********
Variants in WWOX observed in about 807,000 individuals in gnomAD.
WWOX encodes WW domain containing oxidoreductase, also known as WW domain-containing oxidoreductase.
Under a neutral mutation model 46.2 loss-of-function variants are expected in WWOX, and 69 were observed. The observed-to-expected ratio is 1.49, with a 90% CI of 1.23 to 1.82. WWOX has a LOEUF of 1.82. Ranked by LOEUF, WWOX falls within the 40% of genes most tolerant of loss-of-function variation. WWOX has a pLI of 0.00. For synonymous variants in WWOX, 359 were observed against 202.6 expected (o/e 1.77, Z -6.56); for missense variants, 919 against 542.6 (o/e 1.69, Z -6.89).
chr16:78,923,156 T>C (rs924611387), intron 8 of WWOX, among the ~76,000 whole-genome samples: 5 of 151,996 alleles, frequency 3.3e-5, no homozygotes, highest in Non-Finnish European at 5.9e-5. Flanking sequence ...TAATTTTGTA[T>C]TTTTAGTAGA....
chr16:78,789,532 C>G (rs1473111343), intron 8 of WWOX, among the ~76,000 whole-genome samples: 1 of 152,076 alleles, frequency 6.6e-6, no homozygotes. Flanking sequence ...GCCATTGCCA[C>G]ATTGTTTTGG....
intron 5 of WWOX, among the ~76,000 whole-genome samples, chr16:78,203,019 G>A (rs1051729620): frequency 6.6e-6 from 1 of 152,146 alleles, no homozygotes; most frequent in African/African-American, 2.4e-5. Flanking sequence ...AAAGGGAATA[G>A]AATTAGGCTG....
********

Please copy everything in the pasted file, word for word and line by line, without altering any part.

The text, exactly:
Variants in WWOX observed in about 807,000 individuals in gnomAD.
WWOX encodes WW domain containing oxidoreductase, also known as WW domain-containing oxidoreductase.
Under a neutral mutation model 46.2 loss-of-function variants are expected in WWOX, and 69 were observed. The observed-to-expected ratio is 1.49, with a 90% CI of 1.23 to 1.82. WWOX has a LOEUF of 1.82. Ranked by LOEUF, WWOX falls within the 40% of genes most tolerant of loss-of-function variation. WWOX has a pLI of 0.00. For synonymous variants in WWOX, 359 were observed against 202.6 expected (o/e 1.77, Z -6.56); for missense variants, 919 against 542.6 (o/e 1.69, Z -6.89).
chr16:78,923,156 T>C (rs924611387), intron 8 of WWOX, among the ~76,000 whole-genome samples: 5 of 151,996 alleles, frequency 3.3e-5, no homozygotes, highest in Non-Finnish European at 5.9e-5. Flanking sequence ...TAATTTTGTA[T>C]TTTTAGTAGA....
chr16:78,789,532 C>G (rs1473111343), intron 8 of WWOX, among the ~76,000 whole-genome samples: 1 of 152,076 alleles, frequency 6.6e-6, no homozygotes. Flanking sequence ...GCCATTGCCA[C>G]ATTGTTTTGG....
intron 5 of WWOX, among the ~76,000 whole-genome samples, chr16:78,203,019 G>A (rs1051729620): frequency 6.6e-6 from 1 of 152,146 alleles, no homozygotes; most frequent in African/African-American, 2.4e-5. Flanking sequence ...AAAGGGAATA[G>A]AATTAGGCTG....